Beer safely stowed in a cooler in my hatch, and the rain having slowed down considerably, I continued on my way to my Air BnB in Gatineau. I was originally going to get a hotel in Ottawa, but I left it a bit late and there were almost no rooms available anywhere for the first two nights of my stay (at least none under $450/night and I wasn’t going to pay that for a room I was going to be in for at most 9 hours a day). I ended up finding a cute little apartment, about 40 minutes walking time to the Ottawa side of the river. An apartment ended up being the best option since the beer had to be kept in a fridge and I was planning on buying a 2kg bag of cheese curds at Costco which would need refrigeration. It was my first Air BnB experience and while I liked it, I do quite enjoy the amenities hotels have – like coffee shops, transit information, and pools or gyms – so I won’t be abandoning hotel stays any time soon.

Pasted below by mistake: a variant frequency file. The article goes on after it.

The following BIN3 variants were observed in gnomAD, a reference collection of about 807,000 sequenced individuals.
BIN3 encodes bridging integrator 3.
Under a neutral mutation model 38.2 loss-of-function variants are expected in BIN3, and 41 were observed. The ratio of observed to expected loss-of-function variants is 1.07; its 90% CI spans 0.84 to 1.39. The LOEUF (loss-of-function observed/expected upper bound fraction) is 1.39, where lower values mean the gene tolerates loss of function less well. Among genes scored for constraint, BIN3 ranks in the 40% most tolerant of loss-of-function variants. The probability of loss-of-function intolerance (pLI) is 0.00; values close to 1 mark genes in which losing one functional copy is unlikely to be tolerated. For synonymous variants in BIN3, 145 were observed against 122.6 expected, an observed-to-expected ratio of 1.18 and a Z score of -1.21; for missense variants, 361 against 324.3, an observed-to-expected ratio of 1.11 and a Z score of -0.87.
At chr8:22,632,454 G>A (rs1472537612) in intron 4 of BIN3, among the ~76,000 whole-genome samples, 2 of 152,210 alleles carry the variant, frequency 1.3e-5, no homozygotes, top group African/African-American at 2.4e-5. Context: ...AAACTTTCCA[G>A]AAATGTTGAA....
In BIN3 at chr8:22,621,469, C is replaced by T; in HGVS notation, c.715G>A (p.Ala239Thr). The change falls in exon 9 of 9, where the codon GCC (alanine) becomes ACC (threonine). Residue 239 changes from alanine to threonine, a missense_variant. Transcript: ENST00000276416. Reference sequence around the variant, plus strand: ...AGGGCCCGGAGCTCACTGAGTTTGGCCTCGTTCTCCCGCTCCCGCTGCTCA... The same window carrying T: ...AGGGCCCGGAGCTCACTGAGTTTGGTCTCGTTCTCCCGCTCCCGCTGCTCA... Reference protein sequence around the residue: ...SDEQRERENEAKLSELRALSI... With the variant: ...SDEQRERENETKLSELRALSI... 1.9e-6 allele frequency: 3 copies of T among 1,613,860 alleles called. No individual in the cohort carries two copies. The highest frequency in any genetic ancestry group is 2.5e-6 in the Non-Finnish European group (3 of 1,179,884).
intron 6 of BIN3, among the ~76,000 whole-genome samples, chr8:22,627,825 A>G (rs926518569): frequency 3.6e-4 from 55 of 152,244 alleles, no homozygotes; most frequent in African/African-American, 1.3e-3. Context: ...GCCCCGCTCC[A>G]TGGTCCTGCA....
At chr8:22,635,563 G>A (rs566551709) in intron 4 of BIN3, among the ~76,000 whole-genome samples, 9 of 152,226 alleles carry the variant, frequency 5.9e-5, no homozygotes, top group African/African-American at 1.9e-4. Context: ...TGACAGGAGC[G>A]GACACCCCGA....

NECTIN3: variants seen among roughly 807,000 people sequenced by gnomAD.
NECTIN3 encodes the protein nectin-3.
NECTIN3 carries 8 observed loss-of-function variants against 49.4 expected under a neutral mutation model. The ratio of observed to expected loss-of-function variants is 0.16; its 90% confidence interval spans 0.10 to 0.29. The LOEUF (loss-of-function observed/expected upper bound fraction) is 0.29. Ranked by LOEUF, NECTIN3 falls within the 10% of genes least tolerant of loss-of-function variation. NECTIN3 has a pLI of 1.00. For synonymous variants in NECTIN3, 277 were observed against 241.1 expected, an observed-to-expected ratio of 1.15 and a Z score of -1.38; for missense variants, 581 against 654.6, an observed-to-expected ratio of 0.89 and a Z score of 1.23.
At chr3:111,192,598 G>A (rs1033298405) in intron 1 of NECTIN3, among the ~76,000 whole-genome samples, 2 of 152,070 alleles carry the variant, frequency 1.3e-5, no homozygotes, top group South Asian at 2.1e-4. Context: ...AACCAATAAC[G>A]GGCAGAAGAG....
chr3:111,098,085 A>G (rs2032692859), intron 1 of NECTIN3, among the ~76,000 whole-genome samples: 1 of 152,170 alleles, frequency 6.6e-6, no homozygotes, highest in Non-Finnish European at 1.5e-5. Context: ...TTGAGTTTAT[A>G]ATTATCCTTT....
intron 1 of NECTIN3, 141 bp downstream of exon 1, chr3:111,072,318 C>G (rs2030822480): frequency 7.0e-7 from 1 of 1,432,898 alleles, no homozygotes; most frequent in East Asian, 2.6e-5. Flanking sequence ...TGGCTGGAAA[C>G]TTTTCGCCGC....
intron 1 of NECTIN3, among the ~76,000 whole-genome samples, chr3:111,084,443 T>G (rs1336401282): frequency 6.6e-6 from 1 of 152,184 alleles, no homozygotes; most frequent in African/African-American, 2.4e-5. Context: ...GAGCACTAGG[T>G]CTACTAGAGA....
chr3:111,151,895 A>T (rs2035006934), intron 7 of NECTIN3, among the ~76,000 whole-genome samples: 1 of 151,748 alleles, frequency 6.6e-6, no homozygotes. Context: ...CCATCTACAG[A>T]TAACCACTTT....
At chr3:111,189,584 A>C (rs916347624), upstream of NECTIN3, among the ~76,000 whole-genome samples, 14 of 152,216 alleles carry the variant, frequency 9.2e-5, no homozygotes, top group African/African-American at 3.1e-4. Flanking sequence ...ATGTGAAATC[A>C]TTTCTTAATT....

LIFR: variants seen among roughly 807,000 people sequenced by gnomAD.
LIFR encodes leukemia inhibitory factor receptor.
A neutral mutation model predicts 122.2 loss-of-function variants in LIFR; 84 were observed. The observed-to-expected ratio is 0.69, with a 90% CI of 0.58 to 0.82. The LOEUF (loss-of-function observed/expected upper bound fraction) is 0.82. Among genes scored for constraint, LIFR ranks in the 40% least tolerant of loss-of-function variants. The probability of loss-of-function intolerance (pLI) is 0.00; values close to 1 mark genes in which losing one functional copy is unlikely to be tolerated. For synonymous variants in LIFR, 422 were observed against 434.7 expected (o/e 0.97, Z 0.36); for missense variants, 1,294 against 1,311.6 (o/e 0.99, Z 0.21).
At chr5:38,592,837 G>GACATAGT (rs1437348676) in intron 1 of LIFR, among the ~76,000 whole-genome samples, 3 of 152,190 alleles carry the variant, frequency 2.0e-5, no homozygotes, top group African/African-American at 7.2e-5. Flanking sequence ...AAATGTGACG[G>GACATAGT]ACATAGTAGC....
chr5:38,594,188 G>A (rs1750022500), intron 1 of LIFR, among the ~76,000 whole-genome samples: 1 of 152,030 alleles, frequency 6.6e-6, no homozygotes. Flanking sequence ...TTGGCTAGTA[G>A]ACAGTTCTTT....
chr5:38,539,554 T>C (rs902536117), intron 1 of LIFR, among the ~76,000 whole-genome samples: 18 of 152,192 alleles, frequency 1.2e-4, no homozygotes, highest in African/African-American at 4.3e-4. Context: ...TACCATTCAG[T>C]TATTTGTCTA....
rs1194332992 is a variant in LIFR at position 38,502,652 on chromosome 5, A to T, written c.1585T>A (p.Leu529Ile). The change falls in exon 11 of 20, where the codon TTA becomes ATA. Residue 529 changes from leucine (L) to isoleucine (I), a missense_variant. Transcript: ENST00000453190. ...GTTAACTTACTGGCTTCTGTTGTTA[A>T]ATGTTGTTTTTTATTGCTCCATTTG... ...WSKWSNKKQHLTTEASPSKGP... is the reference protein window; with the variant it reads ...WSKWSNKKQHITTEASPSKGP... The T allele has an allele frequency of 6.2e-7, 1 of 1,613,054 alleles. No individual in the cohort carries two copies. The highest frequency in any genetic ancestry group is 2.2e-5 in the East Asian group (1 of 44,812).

The storm that I had been forced off the road for in Perth had made its way to Ottawa, and there were trees down along the roads I was driving, a little unusual for September storms but nothing that I haven’t seen before. I had my GPS helping me navigate, and was driving along – when I noticed the trees almost swirling. “Uh oh, here’s round two” I thought. Turns out it was a downburst associated with the thunderstorm and the sudden wind knocked over some trees that had been damaged in the earlier storm – including one that was maybe 25 feet in front of me. Thankfully I was going slowly because it was an unfamiliar area and there were a lot of branches down so I was able to stop in time (as was the person behind me). I was more than a little shaken up, but the police and city workers were very close by and had the road cleared within minutes. While I was waiting, I messaged both my friend who I was supposed to meet for dinner and my Air BnB host, telling them I was going to be a little late because of the storm and a tree almost falling on my car. My friend agreed to pick me up at the Air BnB to save me walking to the restaurant which was awesome. Once I navigated over the bridge and into Gatineau, it was a really quick drive to the apartment. I got the keys and a brief tour of the apartment, grabbed my purse out of my car, and went off to Les Brasseurs du Temps for dinner and a well deserved beer.